World Protestant body issues solidarity message with Palestinian Christians

WCRC says ‘integrity of Christian faith is at stake’

July 13, 2017

The Rev. Mitri Raheb, a Palestinian Christian leader, is pastor of Evangelical Lutheran Christmas Church in Bethlehem.

The Rev. Mitri Raheb, a Palestinian Christian leader, is pastor of Evangelical Lutheran Christmas Church in Bethlehem. —WCRC Photo

LEIPZIG, Germany

The World Communion of Reformed Churches has urged its more than 225 member churches worldwide to examine their mission, education and investment relationships with Israel and Palestine in the light of the witness of Palestinian Christians.

In a resolution adopted by consensus on 7 July, the WCRC’s General Council, meeting in Leipzig, Germany, said member churches should respond to this examination “as they understand the Reformed communion’s commitments to human rights and the protections of international law.”

The General Council, the highest decision-making body of the WCRC, stated “that with respect to the situation of injustice and suffering that exists in Palestine, and the cry of the Palestinian Christian community, that the integrity of Christian faith and praxis is at stake.”

It urged the WCRC’s Executive Committee “to strengthen initiatives for dialogue, civil peace services, mediation, conflict prevention and transformation.”

The resolution adopted at the WCRC General Council stated that the creation of the State of Israel in 1948 had a significant consequence of “the loss of homeland for the Palestinian people, and the creation of 750,000 Palestinian refugees.” It noted that it is also 50 years since the 1967 Israeli occupation of the West Bank, Gaza and East Jerusalem.

“It is time for Israelis and Palestinians to live alongside each other in peace, security and justice,” the resolution stated. “Many of us have seen with our eyes and heard with our ears the painful realities of life for Palestinians.”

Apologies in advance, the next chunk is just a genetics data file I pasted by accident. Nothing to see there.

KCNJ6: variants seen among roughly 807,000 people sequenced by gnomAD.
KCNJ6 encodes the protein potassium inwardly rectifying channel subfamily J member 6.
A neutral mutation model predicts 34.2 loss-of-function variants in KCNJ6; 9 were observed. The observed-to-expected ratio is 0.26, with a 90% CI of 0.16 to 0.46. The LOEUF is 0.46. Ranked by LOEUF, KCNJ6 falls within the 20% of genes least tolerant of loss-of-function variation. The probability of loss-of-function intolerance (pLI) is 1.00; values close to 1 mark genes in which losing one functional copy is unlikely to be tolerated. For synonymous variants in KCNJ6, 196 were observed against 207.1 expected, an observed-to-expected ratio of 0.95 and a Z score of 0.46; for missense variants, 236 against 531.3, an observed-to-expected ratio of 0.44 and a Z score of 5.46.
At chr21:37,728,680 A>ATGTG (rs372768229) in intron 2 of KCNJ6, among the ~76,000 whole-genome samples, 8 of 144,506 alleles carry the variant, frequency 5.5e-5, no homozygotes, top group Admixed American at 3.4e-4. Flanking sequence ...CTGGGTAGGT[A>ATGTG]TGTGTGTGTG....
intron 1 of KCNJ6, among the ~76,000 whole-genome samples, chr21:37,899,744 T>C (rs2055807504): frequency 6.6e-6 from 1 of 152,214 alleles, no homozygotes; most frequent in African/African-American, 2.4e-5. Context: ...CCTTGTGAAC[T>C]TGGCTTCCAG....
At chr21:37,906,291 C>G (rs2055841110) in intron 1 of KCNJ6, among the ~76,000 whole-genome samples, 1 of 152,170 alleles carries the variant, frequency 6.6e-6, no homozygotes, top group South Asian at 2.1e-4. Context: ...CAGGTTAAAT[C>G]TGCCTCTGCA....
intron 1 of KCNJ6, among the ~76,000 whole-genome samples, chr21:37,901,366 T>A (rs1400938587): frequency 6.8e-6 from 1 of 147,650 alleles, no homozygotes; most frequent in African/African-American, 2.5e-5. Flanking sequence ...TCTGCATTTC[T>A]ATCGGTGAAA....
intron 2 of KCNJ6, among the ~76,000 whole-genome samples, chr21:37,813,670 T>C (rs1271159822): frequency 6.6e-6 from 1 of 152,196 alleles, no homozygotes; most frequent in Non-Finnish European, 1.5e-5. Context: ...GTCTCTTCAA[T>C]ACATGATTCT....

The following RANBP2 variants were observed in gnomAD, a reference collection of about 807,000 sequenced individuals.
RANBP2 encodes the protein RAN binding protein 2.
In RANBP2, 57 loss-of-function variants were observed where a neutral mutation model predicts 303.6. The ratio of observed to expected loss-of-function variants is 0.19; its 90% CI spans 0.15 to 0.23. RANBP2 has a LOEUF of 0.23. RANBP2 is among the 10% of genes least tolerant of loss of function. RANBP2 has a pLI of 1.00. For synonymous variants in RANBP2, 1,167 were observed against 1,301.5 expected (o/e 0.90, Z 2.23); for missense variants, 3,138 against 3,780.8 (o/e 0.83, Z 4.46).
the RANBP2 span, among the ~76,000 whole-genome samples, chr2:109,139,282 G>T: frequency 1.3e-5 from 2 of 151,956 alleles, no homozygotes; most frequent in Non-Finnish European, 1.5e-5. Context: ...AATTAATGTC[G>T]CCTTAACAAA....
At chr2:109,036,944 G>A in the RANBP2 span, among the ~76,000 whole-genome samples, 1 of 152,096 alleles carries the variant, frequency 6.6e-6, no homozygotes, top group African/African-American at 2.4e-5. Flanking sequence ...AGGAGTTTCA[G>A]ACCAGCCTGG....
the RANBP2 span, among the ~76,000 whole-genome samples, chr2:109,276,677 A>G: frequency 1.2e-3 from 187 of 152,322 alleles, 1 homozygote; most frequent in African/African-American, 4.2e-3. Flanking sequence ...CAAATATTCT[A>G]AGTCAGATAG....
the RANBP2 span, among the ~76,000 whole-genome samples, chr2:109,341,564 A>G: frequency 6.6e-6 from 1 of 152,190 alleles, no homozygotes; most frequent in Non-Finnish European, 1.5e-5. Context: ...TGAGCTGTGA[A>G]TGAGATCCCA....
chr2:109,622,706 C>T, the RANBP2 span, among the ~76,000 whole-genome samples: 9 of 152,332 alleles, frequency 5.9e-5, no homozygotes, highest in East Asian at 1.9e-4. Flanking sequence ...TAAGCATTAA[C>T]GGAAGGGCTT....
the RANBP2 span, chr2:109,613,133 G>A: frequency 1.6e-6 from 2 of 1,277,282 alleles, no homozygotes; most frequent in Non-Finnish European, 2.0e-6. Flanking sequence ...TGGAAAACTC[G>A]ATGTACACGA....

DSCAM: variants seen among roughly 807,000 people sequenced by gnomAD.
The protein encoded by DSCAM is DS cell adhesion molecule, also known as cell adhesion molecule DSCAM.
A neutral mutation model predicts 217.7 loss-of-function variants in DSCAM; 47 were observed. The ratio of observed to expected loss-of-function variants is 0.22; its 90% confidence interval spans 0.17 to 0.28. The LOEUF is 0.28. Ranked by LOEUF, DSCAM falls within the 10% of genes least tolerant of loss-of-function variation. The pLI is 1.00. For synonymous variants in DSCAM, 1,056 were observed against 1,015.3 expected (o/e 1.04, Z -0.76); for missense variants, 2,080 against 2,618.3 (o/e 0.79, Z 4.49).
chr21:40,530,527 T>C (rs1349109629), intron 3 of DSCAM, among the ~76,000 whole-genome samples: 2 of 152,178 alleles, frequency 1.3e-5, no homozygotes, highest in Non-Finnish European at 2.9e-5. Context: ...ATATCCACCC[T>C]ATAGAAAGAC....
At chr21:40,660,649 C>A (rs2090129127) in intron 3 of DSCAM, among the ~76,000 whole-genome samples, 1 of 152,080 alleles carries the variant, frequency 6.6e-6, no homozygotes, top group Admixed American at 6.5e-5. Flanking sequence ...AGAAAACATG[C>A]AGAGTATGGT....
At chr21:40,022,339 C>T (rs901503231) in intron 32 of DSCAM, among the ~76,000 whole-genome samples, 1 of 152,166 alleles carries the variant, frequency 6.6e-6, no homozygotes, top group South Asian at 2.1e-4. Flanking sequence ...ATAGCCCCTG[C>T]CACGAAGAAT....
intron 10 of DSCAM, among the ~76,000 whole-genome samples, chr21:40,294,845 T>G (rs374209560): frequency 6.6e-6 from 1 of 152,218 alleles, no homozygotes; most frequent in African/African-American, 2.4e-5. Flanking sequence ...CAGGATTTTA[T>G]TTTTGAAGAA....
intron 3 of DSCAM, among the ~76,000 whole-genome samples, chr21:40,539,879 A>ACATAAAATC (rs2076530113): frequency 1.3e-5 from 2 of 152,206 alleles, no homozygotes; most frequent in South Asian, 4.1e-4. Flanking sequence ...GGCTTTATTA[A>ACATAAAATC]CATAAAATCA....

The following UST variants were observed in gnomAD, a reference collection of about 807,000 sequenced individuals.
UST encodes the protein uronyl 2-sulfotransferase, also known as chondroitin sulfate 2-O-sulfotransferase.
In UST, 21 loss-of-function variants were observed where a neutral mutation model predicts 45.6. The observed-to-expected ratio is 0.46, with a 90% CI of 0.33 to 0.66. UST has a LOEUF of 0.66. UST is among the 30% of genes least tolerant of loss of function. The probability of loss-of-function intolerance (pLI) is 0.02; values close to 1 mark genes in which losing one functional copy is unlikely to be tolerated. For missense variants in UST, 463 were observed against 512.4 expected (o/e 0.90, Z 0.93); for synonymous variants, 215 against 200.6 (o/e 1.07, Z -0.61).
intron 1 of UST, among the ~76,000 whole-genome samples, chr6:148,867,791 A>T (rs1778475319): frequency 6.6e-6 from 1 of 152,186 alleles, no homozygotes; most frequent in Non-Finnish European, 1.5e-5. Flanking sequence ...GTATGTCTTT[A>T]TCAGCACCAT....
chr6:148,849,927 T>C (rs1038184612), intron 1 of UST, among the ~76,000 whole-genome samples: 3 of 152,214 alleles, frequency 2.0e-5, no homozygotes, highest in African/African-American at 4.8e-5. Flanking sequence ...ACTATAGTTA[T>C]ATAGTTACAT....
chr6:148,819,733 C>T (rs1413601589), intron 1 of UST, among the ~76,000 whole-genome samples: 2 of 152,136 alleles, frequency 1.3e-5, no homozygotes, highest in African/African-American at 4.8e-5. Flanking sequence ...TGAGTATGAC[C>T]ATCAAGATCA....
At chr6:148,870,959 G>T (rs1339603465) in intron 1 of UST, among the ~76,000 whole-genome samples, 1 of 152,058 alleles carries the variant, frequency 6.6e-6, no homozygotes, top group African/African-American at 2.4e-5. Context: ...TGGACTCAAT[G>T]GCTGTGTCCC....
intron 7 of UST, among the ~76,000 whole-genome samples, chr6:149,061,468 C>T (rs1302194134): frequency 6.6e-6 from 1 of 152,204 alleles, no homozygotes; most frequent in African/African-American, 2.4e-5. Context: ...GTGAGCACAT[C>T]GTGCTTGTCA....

In its resolution, the WCRC general council stated that the Christian faith has been used to justify the injustice against the Palestinian people. It rejected any use of the Bible “to legitimize or support political options and positions that are based upon injustice, imposed by one person on another, or by one people on another.”

It encouraged delegations to visit the region “to connect with the present day Christian community … to witness their situation and express support for their desires for self-determination.”

The resolution instructed the WCRC Executive Committee to a call from the National Coalition of Christian Organizations in Palestine urging solidarity from Christian partners abroad.

During the WCRC’s Leipzig meeting, which began on 29 June, a prominent Palestinian Christian from Bethlehem, Mitri Raheb, told delegates of his experience of having been 5 years old when Israel occupied Bethlehem.

“This was exactly 50 years ago. I know what living under occupation means,” Raheb said. It is important that “not only we as Palestinians are liberated but that Israelis are also liberated as well, because occupiers are not liberated,” Raheb stated. “Occupiers are occupied by their own occupation.”

The WCRC groups more than 225 Protestant churches with a combined membership of about 80 million Christians in Congregational, Presbyterian, Reformed, United, Uniting and Waldensian churches in over 100 countries. Its offices are in Hannover, Germany.

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